close up of the prints featured in Allah Ma'alik, my second attempt at book making. i've used news photos (courtesy The News) to make photopolymer etchings which i've then 'smoked', rather smoke painted, highlighted with water colour and burning, as well as photo transfers and fragments of newspaper.

weaving text and image: book making

front cover of allah ma'alik

panoramic view of allah ma'alik, followed by individual pages

arizona sunset, black and white and colour editions

i've had a long summer in which i decided that since i can't find a place where i could learn book making, i would teach myself. the first book will be remade...neatly, as i didn't know that you could use printmaking paper in the inkjet printer. i tried to transfer the text using turpentine transfer but it didn't work out, so i over wrote with graphite on a couple of pages, then did the rest by hand. not very neat, but i will re make 'a saguaro sampler', possibly in black and white rather than colour.

the next two books were much more successful. the second book is called 'Allah Ma'alik' and was inspired by my distress over what has been going on over the last year and a half. the prints featured are power, carnage, hunger, and loss. this book is with artchowk in karachi. the third utilises my arizona rock and plant studies and my poem 'arizona sunset'. i've sent it to the williamsburg art house in new york as an entry for their competition called 'tri-fold.' there is a colour version as well as black and white. the prints are collagraphs, the coloured ones inked a la poupee, with additions of silk fibres, silver and copper leaf, tea washes and hand made paper fragments. the coloured version has a hard cover, while the black and white one is assembled on a long piece of pure silk. both have stiffened cloth covers, one cotton, the other silk; i've used my very precious bottle of gac 400.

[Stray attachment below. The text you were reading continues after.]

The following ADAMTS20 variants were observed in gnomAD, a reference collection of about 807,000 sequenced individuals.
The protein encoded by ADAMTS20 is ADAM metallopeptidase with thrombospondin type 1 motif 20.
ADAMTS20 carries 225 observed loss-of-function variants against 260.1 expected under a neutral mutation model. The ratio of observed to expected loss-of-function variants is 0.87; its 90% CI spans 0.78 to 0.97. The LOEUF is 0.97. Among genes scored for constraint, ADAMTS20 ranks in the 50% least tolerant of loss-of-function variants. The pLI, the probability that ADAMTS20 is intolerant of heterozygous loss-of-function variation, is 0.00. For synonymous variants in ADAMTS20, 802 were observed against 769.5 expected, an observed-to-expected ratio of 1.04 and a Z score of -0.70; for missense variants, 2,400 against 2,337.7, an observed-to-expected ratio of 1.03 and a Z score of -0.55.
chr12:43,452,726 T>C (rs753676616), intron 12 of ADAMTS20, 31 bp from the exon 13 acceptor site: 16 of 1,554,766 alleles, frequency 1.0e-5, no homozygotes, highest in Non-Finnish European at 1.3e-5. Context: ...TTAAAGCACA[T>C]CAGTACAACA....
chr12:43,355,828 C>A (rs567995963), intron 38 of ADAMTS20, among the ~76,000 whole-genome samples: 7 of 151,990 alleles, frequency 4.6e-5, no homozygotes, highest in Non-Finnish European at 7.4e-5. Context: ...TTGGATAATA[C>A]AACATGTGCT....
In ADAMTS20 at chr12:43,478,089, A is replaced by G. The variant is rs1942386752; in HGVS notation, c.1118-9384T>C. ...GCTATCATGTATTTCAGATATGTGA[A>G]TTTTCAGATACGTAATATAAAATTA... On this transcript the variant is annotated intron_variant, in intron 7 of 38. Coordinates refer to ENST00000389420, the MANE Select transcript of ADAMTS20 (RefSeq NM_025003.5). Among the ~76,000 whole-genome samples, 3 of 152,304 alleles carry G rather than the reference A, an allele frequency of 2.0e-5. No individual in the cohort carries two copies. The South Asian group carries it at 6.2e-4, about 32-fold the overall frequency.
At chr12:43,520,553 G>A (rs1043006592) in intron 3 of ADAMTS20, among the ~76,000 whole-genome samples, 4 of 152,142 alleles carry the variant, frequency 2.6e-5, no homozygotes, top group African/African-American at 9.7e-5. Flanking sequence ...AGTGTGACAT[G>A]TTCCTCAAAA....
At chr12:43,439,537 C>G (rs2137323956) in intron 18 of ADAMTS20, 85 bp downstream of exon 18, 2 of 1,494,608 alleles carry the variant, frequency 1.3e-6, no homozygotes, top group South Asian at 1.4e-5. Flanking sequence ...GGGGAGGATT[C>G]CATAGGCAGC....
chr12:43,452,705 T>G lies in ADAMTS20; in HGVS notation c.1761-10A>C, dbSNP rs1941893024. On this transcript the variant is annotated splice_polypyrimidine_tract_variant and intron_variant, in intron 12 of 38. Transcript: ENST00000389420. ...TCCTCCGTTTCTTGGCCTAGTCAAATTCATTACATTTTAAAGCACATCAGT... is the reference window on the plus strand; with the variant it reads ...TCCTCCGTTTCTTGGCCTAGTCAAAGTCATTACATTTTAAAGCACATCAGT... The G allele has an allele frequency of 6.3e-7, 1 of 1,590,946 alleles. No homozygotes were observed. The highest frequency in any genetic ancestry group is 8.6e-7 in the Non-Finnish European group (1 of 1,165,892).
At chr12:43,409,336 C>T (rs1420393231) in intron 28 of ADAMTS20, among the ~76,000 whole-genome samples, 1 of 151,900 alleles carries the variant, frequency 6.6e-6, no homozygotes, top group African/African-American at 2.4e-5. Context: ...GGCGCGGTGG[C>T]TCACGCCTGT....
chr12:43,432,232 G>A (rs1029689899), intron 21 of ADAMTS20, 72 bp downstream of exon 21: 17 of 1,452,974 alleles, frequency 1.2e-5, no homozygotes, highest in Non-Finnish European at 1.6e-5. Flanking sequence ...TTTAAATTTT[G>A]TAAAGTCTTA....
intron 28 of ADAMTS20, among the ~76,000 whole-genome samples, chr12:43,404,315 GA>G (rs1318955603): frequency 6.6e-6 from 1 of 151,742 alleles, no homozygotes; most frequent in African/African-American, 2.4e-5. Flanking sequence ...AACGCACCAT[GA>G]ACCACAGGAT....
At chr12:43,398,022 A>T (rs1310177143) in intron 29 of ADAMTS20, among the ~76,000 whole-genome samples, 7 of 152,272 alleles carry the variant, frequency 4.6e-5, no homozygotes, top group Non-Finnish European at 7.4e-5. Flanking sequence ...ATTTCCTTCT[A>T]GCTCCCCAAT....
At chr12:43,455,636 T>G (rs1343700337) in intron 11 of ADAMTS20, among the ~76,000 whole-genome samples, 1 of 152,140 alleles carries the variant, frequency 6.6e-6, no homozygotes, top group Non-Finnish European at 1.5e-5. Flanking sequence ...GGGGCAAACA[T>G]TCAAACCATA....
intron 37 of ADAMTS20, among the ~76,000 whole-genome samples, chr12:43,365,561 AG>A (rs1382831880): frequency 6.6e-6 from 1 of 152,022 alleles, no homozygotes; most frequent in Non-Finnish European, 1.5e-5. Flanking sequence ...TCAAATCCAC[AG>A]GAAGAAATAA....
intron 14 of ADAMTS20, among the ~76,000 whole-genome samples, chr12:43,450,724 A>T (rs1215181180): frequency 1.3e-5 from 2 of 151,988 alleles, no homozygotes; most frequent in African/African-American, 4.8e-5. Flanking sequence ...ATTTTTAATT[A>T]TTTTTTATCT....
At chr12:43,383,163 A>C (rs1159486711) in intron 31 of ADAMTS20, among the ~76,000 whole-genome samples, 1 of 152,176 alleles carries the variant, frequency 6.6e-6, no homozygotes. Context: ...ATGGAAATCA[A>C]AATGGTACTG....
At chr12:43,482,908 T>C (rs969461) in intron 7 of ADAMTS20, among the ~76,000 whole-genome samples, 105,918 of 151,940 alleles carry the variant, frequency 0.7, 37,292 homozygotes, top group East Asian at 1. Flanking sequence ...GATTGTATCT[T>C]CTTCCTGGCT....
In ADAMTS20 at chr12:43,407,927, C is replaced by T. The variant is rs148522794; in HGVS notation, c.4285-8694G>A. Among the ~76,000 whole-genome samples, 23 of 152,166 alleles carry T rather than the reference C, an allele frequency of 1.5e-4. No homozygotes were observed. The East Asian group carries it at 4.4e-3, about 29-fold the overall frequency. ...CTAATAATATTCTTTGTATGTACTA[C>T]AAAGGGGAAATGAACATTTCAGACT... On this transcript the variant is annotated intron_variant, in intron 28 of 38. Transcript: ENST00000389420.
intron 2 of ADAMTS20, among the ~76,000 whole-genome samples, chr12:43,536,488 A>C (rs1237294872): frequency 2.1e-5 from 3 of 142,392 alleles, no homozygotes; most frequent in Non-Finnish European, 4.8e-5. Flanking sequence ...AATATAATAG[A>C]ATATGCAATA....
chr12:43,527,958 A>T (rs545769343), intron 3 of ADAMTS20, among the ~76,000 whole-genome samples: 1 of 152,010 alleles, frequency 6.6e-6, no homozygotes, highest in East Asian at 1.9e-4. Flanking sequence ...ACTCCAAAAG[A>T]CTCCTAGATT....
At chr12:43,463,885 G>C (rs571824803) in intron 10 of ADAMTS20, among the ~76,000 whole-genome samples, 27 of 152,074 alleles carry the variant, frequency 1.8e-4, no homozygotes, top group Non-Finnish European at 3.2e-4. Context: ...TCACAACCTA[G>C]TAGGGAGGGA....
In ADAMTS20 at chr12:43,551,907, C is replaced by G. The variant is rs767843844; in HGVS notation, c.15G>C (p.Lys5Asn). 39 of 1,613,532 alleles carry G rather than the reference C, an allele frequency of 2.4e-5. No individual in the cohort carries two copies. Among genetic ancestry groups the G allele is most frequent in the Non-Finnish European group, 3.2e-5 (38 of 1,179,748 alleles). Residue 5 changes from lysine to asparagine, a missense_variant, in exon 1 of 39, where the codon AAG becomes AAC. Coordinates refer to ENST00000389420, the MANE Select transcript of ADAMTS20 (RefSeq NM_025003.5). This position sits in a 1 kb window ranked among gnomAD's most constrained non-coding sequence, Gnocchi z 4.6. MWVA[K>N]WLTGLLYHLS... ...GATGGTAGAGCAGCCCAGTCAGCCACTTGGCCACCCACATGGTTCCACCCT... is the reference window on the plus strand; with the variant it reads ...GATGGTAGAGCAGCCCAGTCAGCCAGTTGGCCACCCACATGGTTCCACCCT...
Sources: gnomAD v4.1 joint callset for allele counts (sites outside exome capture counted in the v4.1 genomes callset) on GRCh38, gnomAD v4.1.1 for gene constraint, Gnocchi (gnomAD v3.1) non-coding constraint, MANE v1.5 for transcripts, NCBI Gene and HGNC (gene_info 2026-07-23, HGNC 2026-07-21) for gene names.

all the books are variations on the accordion format. Allah Ma'alik is a unique bookwork. so much has gone into it that i don't think i would be able to reproduce it, particularly as i've used very free hand techniques to add to the plates, which are based on news photos (courtesy The News newspaper): smoke painting, burning and water color, as well as photo transfers.

this is the work that i want to continue with; integrating words with visual images. and i like the idea of very small editions, although i'd be ready to do up to 25 if the prints are more 'manageable' in the way of printing: i would perhaps avoid doing things like smoke painting, though i could do burnt edges. and photo transfers are also laborious if you are doing a larger edition.

May 4, 2010

collagraph from the new series i am working on, 'arizona suite'. they explore the texture character of rock

ocotillo and their shadows reflected on the wall behind them. this a photopolymer intaglio from a photograph. i use the single exposure technique when making my etching plates, even though i now have a large aquatint screen, courtesy of big john lingenfelter at bare naked, new river, arizona. i have used the screen for prints where minute detail and complex shades of grey are required.

photopolymer intaglio of a saguaro. this is the first time i experimented with colour.

April 27, 2010

photopolymer plate making: the process

exposing the photopolymer plate in the sun

washing the plate in warm water

drying the plate after washing it

the finished photopolymer intaglio after drying